4 – And finally, to further illustrate the rise of the far-right in Israeli politics, below is an excerpt from an April 11th op-ed in The New York Times with the provocative title, “Are Israel and Iran Trading Places.” The authors’ position regarding Israel is stated succinctly at the beginning of their article.

 “…secular democrats in Israel have been losing ground to religious and right-wing extremists who feel comfortable openly attacking the United States, Israel’s strongest ally. In recent months, Israel’s defense minister, Moshe Yaalon, called Secretary of State John Kerry “obsessive and messianic,” while Naftali Bennett, Israel’s economy minister, labeled Mr. Kerry a “mouthpiece” for anti-Semitic elements attempting to boycott Israel.

 Israel’s secular democrats are growing increasingly worried that Israel’s future may bear an uncomfortable resemblance to Iran’s recent past.”

Near the end of the article, the authors segue into a brief discussion of how the BDS movement is gaining traction.

“If Israel continues the expansion of settlements, and peace talks serve no purpose but the extension of the status quo, the real existential threat to Israel will not be Iran’s nuclear program but rather a surging tide of economic sanctions.

What began a few years ago with individual efforts to get supermarket shoppers in Western countries to boycott Israeli oranges and hummus has turned into an orchestrated international campaign, calling for boycotts, divestment and sanctions against Israeli companies and institutions.

From academic boycotts to calls for divestment on American university campuses to the unwillingness of more and more European financial institutions to invest in or partner with Israeli companies and banks that operate in the West Bank, the “B.D.S.” movement is gaining momentum. Prime Minister Benjamin Netanyahu has recently called B.D.S. advocates “classical anti-Semites in modern garb.”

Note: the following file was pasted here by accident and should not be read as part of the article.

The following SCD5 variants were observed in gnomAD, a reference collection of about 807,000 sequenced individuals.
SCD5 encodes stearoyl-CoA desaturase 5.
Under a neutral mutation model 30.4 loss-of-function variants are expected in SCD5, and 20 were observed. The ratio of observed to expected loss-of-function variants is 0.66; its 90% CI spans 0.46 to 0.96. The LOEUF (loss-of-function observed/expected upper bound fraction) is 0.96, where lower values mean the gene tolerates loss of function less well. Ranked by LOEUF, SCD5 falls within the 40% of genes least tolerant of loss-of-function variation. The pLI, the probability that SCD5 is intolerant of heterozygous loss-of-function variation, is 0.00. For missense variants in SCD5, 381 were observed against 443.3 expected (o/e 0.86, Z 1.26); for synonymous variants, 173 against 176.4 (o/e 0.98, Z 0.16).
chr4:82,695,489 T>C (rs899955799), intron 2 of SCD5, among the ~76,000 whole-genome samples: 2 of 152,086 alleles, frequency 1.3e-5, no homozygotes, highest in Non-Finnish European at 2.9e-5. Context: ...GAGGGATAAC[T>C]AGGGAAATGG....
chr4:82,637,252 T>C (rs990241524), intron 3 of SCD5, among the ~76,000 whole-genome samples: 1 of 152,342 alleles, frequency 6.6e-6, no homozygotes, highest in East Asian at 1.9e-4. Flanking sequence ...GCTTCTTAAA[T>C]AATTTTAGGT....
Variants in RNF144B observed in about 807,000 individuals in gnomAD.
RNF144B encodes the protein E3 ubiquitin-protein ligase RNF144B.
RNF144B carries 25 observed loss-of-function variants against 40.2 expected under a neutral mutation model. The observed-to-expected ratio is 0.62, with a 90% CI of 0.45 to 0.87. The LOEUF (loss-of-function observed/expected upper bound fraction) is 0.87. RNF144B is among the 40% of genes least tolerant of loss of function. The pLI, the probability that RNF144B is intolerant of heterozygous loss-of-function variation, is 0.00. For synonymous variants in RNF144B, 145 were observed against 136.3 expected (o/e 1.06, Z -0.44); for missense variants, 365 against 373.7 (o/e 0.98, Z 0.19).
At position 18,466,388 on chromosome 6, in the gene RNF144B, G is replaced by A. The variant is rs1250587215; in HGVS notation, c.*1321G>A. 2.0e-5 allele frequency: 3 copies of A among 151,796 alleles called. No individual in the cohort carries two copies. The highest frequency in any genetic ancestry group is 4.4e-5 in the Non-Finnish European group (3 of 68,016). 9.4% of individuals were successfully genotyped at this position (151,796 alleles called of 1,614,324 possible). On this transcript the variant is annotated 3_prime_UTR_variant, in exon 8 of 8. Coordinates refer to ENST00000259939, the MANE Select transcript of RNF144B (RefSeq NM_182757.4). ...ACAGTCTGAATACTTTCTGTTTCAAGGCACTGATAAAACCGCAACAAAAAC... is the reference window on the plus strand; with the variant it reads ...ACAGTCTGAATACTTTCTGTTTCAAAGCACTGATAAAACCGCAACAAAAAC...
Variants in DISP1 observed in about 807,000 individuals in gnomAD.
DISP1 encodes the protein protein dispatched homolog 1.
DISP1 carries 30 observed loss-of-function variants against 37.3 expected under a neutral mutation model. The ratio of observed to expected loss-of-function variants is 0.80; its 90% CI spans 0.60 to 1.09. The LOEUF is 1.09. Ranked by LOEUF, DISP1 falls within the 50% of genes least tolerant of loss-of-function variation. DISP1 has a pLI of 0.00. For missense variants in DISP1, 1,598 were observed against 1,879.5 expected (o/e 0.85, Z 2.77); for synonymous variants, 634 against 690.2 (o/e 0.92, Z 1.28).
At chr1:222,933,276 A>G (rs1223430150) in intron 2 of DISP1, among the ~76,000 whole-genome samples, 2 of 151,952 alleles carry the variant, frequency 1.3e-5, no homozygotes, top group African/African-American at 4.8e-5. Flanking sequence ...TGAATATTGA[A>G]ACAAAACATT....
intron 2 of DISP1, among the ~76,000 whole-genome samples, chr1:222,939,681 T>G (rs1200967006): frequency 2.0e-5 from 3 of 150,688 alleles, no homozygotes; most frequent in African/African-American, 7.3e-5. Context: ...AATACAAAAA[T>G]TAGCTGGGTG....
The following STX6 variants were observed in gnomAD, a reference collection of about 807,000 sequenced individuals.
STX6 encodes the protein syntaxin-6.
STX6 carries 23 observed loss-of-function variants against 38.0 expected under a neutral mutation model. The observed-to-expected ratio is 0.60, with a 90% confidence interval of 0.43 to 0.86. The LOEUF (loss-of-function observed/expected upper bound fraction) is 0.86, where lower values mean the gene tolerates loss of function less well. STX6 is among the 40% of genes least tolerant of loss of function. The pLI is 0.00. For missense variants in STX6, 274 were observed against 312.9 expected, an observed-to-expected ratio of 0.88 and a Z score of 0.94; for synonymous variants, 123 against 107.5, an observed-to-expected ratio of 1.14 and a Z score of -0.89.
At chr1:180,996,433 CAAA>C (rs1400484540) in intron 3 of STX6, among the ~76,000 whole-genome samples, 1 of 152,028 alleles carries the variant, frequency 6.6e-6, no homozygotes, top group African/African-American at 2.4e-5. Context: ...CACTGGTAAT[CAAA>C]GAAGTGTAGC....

In the past, Israel could rely on Western nations and especially the United States to halt such initiatives, but as the fabric of Israel’s population changes, and Jewish populations in the West become less religious and less uncritically pro-Israel, the reflex to stand by the Jewish state, regardless of its policies, is weakening.

Moreover, as Western countries shift toward greater respect for human rights, the occupation is perceived as a violation of Western liberal norms. A new generation of American Jews sees a fundamental tension between their own liberal values and many Israeli policies.

Click here to read the full column, along with the authors’ views on the potential trends in Iranian society.

It is possible that all we are facing now is political posturing and hardball negotiating tactics on the part of Netanyahu and Abbas, and that the negotiations will get back on track shortly. But if they don’t, the above articles offer a peak at the possible consequences, the least of which might be the further strengthening of the paranoid right as they circle the wagons and work to destroy the democratic and Western liberal underpinnings of Israeli society in the name of survival. There already are influential currents in the Knesset intent on doing that.